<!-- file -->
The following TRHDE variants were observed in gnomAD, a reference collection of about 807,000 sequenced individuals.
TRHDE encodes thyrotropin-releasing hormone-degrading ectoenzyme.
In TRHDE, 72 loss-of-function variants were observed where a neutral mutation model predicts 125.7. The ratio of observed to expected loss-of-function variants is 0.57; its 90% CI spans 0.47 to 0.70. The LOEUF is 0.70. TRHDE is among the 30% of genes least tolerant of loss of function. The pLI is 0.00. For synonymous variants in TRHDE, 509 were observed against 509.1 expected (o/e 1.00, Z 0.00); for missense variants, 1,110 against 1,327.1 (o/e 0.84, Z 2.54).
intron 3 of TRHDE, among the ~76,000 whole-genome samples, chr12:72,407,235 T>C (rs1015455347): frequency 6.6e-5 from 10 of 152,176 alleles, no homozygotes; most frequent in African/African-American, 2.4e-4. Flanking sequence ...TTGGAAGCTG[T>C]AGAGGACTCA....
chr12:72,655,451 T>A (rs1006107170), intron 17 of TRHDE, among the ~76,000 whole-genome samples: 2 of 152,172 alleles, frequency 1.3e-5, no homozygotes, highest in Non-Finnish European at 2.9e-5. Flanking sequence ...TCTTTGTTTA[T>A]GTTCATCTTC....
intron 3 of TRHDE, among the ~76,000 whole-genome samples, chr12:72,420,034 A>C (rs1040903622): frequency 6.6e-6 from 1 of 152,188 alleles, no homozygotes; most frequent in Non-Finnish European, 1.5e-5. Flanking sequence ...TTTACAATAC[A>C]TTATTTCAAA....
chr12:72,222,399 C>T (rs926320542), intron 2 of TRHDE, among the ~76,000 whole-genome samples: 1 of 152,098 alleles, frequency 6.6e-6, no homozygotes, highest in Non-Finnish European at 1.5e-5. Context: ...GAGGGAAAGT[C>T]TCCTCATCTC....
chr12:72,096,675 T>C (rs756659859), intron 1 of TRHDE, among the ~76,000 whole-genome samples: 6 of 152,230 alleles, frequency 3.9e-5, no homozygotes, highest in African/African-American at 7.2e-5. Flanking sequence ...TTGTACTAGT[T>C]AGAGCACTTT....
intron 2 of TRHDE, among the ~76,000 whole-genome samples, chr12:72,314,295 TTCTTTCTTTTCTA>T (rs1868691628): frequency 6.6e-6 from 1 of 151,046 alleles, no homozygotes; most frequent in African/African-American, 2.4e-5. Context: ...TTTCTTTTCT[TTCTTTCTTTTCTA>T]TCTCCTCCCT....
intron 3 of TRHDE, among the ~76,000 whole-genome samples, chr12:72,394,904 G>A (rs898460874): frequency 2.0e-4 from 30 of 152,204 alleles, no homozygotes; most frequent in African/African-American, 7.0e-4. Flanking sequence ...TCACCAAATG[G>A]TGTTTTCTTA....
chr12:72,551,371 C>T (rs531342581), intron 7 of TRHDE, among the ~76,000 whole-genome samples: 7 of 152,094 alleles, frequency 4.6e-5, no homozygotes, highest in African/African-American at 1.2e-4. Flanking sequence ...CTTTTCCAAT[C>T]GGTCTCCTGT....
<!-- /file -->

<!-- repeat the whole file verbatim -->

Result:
The following TRHDE variants were observed in gnomAD, a reference collection of about 807,000 sequenced individuals.
TRHDE encodes thyrotropin-releasing hormone-degrading ectoenzyme.
In TRHDE, 72 loss-of-function variants were observed where a neutral mutation model predicts 125.7. The ratio of observed to expected loss-of-function variants is 0.57; its 90% CI spans 0.47 to 0.70. The LOEUF is 0.70. TRHDE is among the 30% of genes least tolerant of loss of function. The pLI is 0.00. For synonymous variants in TRHDE, 509 were observed against 509.1 expected (o/e 1.00, Z 0.00); for missense variants, 1,110 against 1,327.1 (o/e 0.84, Z 2.54).
intron 3 of TRHDE, among the ~76,000 whole-genome samples, chr12:72,407,235 T>C (rs1015455347): frequency 6.6e-5 from 10 of 152,176 alleles, no homozygotes; most frequent in African/African-American, 2.4e-4. Flanking sequence ...TTGGAAGCTG[T>C]AGAGGACTCA....
chr12:72,655,451 T>A (rs1006107170), intron 17 of TRHDE, among the ~76,000 whole-genome samples: 2 of 152,172 alleles, frequency 1.3e-5, no homozygotes, highest in Non-Finnish European at 2.9e-5. Flanking sequence ...TCTTTGTTTA[T>A]GTTCATCTTC....
intron 3 of TRHDE, among the ~76,000 whole-genome samples, chr12:72,420,034 A>C (rs1040903622): frequency 6.6e-6 from 1 of 152,188 alleles, no homozygotes; most frequent in Non-Finnish European, 1.5e-5. Flanking sequence ...TTTACAATAC[A>C]TTATTTCAAA....
chr12:72,222,399 C>T (rs926320542), intron 2 of TRHDE, among the ~76,000 whole-genome samples: 1 of 152,098 alleles, frequency 6.6e-6, no homozygotes, highest in Non-Finnish European at 1.5e-5. Context: ...GAGGGAAAGT[C>T]TCCTCATCTC....
chr12:72,096,675 T>C (rs756659859), intron 1 of TRHDE, among the ~76,000 whole-genome samples: 6 of 152,230 alleles, frequency 3.9e-5, no homozygotes, highest in African/African-American at 7.2e-5. Flanking sequence ...TTGTACTAGT[T>C]AGAGCACTTT....
intron 2 of TRHDE, among the ~76,000 whole-genome samples, chr12:72,314,295 TTCTTTCTTTTCTA>T (rs1868691628): frequency 6.6e-6 from 1 of 151,046 alleles, no homozygotes; most frequent in African/African-American, 2.4e-5. Context: ...TTTCTTTTCT[TTCTTTCTTTTCTA>T]TCTCCTCCCT....
intron 3 of TRHDE, among the ~76,000 whole-genome samples, chr12:72,394,904 G>A (rs898460874): frequency 2.0e-4 from 30 of 152,204 alleles, no homozygotes; most frequent in African/African-American, 7.0e-4. Flanking sequence ...TCACCAAATG[G>A]TGTTTTCTTA....
chr12:72,551,371 C>T (rs531342581), intron 7 of TRHDE, among the ~76,000 whole-genome samples: 7 of 152,094 alleles, frequency 4.6e-5, no homozygotes, highest in African/African-American at 1.2e-4. Flanking sequence ...CTTTTCCAAT[C>T]GGTCTCCTGT....